Early childhood nutrition, education and fertility milestones in Guatemala.
Data on fertility milestones were collected in 1994 and linked to information collected in a trial conducted in eastern Guatemala between 1969 and 1977, to examine whether early childhood nutrition was associated with the timing of fertility milestones. In the original trial, two pairs of villages were randomly allocated to receive either a high energy, high protein supplement (Atole) or a low energy, no-protein supplement (Fresco). Mean age at follow-up was 23.47 y (n = 240). About 62% of women had experienced first birth (median age at first birth = 19.83 y). The median intervals from menarche to first intercourse and from first intercourse to first birth were 5.67 and 0.95 y; they were 1.68 and 0.06 y shorter, respectively, for the Atole group than for the Fresco group. Women who had received Atole in utero and/or during early childhood experienced earlier milestones even after adjusting for socioeconomic status (SES), education and age at the prior event. Median age at first birth was 1.17 y earlier for the Atole group. Better growth during early childhood (not severely stunted) led to earlier milestones (median age at first birth was 1.04 y earlier), primarily among women with illiterate fathers. Completion of primary school significantly delayed fertility milestones; the median age at first birth was 4.27 y later for those who completed primary school compared with those who did not (P < 0.05). In sum, improved nutrition during early childhood results in earlier fertility milestones, but the effects of schooling in delaying fertility milestones are greater in magnitude. Intervention programs that improve early childhood nutrition should be accompanied by investments in education that ensure that girls complete primary school.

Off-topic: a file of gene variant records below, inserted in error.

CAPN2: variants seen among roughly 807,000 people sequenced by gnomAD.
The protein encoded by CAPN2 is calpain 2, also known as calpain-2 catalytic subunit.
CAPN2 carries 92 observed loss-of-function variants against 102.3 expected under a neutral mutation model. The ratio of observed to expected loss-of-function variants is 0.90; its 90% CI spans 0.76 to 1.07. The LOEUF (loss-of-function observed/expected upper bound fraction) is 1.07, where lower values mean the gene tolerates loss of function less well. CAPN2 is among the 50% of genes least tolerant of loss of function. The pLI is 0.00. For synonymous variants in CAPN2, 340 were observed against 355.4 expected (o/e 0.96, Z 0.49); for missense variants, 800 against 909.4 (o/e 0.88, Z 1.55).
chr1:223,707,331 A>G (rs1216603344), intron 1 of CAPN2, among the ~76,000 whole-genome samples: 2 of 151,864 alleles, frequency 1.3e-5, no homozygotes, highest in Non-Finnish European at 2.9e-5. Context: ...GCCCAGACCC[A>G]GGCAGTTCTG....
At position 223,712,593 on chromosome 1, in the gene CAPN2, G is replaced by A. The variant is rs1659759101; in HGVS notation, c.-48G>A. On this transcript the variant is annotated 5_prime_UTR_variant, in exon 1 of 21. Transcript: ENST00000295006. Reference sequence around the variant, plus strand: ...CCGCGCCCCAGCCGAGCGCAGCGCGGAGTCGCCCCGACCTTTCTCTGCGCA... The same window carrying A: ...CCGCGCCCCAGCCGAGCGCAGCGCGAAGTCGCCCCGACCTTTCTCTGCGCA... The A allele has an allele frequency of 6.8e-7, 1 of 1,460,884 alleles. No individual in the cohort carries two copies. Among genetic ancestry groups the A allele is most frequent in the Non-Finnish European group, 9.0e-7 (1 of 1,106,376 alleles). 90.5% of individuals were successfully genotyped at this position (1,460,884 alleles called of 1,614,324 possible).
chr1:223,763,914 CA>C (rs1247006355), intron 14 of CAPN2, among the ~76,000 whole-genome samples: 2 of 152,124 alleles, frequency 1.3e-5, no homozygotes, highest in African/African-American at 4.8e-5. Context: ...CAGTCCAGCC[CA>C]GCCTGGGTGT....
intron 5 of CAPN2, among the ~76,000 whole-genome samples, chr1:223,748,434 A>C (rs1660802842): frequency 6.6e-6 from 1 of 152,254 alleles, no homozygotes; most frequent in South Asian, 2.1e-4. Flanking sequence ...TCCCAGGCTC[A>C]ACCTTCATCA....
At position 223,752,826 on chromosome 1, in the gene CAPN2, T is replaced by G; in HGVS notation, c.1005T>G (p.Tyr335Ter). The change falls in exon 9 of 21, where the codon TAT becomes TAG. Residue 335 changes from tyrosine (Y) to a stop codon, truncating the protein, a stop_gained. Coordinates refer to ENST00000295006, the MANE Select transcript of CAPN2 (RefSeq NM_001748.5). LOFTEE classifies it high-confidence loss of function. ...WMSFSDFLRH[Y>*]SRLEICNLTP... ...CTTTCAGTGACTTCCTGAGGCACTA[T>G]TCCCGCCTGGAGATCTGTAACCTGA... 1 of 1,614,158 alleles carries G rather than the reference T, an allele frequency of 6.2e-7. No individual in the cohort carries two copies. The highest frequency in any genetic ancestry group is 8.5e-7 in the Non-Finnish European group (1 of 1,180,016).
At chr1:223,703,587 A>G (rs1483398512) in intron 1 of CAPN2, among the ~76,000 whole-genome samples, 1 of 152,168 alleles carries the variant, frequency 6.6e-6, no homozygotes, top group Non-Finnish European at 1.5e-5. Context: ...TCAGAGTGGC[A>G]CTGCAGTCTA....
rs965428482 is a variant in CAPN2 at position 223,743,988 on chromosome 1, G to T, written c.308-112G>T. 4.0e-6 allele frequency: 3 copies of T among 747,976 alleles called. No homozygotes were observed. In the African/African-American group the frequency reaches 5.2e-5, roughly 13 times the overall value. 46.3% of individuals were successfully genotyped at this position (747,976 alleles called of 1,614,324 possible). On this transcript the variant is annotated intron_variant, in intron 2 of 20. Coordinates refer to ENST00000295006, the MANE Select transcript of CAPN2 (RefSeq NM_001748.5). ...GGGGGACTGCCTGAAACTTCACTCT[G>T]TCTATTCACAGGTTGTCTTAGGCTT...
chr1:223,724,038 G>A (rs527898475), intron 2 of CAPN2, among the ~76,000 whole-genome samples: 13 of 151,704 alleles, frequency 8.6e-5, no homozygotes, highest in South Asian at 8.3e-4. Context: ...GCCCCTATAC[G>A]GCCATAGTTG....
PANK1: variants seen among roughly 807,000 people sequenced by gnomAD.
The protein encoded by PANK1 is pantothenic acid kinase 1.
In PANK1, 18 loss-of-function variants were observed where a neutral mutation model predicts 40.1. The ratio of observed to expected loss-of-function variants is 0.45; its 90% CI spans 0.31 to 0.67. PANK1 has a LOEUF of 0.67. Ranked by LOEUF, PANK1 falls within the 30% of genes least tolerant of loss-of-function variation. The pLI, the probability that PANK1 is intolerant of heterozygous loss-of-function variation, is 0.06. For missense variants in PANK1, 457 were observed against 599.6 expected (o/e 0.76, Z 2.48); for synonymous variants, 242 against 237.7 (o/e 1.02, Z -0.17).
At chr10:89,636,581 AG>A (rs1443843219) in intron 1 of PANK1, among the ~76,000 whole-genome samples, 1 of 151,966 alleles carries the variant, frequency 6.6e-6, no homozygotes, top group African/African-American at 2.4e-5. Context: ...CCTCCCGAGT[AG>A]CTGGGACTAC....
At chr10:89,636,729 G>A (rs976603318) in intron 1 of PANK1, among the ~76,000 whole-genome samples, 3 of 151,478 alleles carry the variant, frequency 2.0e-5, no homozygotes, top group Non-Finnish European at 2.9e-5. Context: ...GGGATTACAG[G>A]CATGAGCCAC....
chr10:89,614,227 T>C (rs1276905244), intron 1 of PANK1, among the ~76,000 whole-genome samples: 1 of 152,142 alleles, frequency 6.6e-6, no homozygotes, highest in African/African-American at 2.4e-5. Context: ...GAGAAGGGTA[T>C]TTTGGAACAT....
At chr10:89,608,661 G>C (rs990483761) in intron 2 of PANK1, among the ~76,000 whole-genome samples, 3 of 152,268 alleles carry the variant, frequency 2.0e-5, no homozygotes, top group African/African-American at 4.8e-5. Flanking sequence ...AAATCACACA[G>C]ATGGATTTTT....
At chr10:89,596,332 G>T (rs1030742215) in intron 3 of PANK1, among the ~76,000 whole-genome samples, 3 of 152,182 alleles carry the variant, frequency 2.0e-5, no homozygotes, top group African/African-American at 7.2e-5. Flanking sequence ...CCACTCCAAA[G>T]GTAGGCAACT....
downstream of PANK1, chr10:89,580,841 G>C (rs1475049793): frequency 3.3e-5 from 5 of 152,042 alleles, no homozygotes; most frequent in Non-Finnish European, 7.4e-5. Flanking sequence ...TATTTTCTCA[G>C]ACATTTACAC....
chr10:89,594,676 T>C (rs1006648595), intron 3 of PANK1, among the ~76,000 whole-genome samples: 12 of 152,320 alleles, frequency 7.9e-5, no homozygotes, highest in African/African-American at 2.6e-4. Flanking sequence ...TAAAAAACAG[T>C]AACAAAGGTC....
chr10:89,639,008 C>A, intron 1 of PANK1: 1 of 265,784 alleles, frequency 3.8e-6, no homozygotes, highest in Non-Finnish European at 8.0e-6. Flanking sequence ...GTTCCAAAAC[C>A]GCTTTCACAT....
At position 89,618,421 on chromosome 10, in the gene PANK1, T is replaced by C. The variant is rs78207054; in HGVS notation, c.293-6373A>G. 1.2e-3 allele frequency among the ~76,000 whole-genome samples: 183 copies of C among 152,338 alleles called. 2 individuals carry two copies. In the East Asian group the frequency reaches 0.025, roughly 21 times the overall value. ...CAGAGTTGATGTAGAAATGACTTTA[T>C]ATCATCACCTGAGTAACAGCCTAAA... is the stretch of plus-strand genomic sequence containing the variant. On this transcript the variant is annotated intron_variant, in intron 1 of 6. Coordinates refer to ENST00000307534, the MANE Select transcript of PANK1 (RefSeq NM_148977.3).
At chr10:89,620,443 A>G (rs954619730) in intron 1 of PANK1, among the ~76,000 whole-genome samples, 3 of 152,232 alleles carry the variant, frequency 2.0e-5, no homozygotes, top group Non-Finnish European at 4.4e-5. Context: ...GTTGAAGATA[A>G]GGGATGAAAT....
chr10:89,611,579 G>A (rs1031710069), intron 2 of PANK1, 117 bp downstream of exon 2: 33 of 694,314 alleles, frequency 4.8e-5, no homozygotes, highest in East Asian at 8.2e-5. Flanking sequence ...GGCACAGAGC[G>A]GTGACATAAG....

Ramakrishnan, U; Barnhart, H; Schroeder, DG; Stein, AD; Martorell, R
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